Neurocardiac Interaction During Stress-Induced Myocardial Ischemia
How Does the Brain Cope?
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“My life is in the hands of any rascal who chooses to put me in a passion.”
— —Sir John Hunter
This quote from one of the major medical figures of the 18th century describes the association of his expression of anger to his experience of angina.1 In 1793, Dr Hunter was engaged in rancorous argument during the course of a faculty meeting and died suddenly. Narrative reports of angina pectoris in association with an individual’s experience of provocative, stressful circumstances, although not as dramatic as that made by Hunter, date from the time of Celsus to the dawn of modern medicine. These observations gave rise to the pioneering work of Rosenman et al2 on what they came to call “behavior pattern A.” Their work in turn encouraged others to pursue constitutional factors—the personality—that might give rise to risk for stress-related effects on the heart. The resulting literature on emotion, personality, and coronary artery disease (CAD) has, however, very often dealt with narrow concerns, without sufficient integration of biological and social variables that reflect the contextual nature of psychosocial stress. In addition, methodological drift in the conduct of studies on Type A and associated personality factors, combined with the failure in studies to account for concurrent progress in the care of the cardiac patient, produced results that conflicted with the earlier, promising findings.2 These issues have been discussed elsewhere.3 Hence, although we intuitively continue to link emotional factors and coronary syndromes, the nature of the link remains unclear.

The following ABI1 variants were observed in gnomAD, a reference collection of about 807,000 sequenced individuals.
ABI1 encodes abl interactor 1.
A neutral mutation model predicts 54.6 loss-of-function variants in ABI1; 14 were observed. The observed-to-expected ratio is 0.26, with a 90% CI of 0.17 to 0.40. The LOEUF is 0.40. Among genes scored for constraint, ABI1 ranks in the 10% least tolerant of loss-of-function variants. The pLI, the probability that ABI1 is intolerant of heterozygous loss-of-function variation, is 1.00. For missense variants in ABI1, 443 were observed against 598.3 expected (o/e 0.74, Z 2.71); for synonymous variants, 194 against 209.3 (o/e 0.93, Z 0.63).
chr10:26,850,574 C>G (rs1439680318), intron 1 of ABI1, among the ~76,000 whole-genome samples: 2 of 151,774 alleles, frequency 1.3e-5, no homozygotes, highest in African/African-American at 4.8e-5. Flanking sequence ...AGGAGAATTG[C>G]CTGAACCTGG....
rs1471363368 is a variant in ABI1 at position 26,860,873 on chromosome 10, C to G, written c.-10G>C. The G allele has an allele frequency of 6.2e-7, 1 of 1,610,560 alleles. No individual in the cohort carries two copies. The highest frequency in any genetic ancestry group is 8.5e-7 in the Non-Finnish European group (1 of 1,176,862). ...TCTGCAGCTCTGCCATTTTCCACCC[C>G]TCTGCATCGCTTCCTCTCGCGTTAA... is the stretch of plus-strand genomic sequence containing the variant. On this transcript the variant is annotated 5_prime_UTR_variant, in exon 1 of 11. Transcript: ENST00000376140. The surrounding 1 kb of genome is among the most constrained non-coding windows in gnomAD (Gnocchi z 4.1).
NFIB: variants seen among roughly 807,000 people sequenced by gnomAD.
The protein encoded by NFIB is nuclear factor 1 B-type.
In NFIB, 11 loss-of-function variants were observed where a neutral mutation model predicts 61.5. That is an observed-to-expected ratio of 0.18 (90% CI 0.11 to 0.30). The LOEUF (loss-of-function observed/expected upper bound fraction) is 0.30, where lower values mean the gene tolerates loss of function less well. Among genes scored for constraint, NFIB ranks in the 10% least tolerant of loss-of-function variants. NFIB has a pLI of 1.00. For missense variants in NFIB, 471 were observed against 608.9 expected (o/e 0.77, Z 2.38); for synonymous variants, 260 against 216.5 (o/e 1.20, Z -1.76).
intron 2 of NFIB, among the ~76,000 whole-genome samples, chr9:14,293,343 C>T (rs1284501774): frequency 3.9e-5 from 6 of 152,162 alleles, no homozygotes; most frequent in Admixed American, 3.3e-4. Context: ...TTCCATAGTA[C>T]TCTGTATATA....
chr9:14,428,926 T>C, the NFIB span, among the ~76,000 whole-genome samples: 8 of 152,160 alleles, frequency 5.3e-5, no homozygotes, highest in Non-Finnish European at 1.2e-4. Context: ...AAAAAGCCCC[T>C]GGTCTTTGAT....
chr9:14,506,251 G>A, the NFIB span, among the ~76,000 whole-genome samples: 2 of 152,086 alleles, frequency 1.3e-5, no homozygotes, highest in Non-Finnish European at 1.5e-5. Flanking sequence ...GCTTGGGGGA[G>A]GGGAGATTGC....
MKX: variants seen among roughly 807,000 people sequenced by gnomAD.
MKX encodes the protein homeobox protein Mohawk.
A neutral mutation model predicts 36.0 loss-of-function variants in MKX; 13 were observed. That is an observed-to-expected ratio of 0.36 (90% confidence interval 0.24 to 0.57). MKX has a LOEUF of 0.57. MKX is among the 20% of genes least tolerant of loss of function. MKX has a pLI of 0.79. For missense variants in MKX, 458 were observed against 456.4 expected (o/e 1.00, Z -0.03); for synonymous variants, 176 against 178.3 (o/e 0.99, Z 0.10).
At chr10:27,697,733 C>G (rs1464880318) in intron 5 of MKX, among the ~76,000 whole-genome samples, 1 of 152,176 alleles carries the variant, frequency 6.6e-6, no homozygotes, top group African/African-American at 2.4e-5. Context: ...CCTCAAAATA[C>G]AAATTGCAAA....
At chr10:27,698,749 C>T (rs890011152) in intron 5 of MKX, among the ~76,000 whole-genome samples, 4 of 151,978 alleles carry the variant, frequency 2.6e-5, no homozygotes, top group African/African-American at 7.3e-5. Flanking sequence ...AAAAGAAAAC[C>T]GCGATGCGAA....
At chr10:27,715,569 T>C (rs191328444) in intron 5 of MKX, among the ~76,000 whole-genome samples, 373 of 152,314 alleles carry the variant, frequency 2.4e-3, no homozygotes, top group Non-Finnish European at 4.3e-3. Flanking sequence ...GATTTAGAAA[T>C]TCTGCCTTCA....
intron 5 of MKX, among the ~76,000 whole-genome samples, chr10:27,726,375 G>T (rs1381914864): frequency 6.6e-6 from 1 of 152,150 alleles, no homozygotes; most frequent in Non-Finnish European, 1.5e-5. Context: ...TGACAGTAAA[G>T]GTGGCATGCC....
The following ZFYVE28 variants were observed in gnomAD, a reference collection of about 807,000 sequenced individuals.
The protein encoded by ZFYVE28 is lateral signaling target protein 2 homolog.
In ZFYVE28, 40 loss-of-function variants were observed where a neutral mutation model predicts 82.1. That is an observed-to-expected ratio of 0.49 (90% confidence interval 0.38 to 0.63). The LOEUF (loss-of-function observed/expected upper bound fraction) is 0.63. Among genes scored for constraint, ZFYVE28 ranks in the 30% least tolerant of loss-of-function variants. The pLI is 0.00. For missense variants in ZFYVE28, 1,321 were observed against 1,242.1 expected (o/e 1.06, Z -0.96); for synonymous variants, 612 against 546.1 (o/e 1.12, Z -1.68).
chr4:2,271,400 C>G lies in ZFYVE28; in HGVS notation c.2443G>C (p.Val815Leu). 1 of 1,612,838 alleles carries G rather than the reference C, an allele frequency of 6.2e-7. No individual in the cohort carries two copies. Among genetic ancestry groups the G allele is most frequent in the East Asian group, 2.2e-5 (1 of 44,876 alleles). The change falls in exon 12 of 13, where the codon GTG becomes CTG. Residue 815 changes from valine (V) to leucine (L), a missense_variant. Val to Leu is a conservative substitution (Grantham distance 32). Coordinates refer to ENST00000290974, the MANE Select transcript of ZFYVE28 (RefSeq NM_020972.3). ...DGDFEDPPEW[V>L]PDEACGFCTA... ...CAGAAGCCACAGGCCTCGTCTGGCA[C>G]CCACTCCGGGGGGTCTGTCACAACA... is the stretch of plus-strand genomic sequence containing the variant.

One consequence of the conflicting research findings on stress, emotion, and coronary syndromes is the absence of a conceptual framework, which is necessary if an effect on clinical awareness and practice is to be realized. In our pursuit of this framework, few discriminators are available to guide our …